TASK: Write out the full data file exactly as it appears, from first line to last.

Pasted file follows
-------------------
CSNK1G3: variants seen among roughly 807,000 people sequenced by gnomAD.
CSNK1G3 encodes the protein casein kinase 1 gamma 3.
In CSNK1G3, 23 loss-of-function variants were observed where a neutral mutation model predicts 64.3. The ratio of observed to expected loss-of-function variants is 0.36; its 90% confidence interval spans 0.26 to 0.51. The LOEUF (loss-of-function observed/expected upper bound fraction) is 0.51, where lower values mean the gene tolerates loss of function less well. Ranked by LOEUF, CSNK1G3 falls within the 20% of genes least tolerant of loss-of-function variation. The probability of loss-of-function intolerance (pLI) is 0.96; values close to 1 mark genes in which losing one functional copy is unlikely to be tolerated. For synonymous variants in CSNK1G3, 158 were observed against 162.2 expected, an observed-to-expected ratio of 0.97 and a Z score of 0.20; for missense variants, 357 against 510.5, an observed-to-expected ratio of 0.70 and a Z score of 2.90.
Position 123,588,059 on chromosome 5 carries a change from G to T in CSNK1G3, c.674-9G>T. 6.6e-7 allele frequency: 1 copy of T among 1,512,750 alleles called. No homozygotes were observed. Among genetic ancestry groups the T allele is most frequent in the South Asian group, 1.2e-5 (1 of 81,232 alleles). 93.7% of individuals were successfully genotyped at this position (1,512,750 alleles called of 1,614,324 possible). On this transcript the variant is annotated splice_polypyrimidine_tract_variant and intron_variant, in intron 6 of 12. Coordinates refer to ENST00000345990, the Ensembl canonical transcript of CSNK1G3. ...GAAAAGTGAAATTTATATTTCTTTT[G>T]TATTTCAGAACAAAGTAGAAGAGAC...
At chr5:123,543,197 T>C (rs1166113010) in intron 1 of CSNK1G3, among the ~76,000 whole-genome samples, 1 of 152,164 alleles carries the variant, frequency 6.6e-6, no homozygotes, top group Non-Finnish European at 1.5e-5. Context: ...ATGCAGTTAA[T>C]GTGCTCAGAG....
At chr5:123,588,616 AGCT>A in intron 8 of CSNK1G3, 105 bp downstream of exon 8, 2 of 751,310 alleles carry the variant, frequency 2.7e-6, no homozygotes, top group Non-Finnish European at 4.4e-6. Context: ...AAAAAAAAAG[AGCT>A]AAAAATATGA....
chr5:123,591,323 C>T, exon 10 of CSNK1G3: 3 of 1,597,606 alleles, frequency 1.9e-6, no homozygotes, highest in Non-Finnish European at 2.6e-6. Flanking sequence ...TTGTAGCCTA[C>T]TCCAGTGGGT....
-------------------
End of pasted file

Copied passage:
CSNK1G3: variants seen among roughly 807,000 people sequenced by gnomAD.
CSNK1G3 encodes the protein casein kinase 1 gamma 3.
In CSNK1G3, 23 loss-of-function variants were observed where a neutral mutation model predicts 64.3. The ratio of observed to expected loss-of-function variants is 0.36; its 90% confidence interval spans 0.26 to 0.51. The LOEUF (loss-of-function observed/expected upper bound fraction) is 0.51, where lower values mean the gene tolerates loss of function less well. Ranked by LOEUF, CSNK1G3 falls within the 20% of genes least tolerant of loss-of-function variation. The probability of loss-of-function intolerance (pLI) is 0.96; values close to 1 mark genes in which losing one functional copy is unlikely to be tolerated. For synonymous variants in CSNK1G3, 158 were observed against 162.2 expected, an observed-to-expected ratio of 0.97 and a Z score of 0.20; for missense variants, 357 against 510.5, an observed-to-expected ratio of 0.70 and a Z score of 2.90.
Position 123,588,059 on chromosome 5 carries a change from G to T in CSNK1G3, c.674-9G>T. 6.6e-7 allele frequency: 1 copy of T among 1,512,750 alleles called. No homozygotes were observed. Among genetic ancestry groups the T allele is most frequent in the South Asian group, 1.2e-5 (1 of 81,232 alleles). 93.7% of individuals were successfully genotyped at this position (1,512,750 alleles called of 1,614,324 possible). On this transcript the variant is annotated splice_polypyrimidine_tract_variant and intron_variant, in intron 6 of 12. Coordinates refer to ENST00000345990, the Ensembl canonical transcript of CSNK1G3. ...GAAAAGTGAAATTTATATTTCTTTT[G>T]TATTTCAGAACAAAGTAGAAGAGAC...
At chr5:123,543,197 T>C (rs1166113010) in intron 1 of CSNK1G3, among the ~76,000 whole-genome samples, 1 of 152,164 alleles carries the variant, frequency 6.6e-6, no homozygotes, top group Non-Finnish European at 1.5e-5. Context: ...ATGCAGTTAA[T>C]GTGCTCAGAG....
At chr5:123,588,616 AGCT>A in intron 8 of CSNK1G3, 105 bp downstream of exon 8, 2 of 751,310 alleles carry the variant, frequency 2.7e-6, no homozygotes, top group Non-Finnish European at 4.4e-6. Context: ...AAAAAAAAAG[AGCT>A]AAAAATATGA....
chr5:123,591,323 C>T, exon 10 of CSNK1G3: 3 of 1,597,606 alleles, frequency 1.9e-6, no homozygotes, highest in Non-Finnish European at 2.6e-6. Flanking sequence ...TTGTAGCCTA[C>T]TCCAGTGGGT....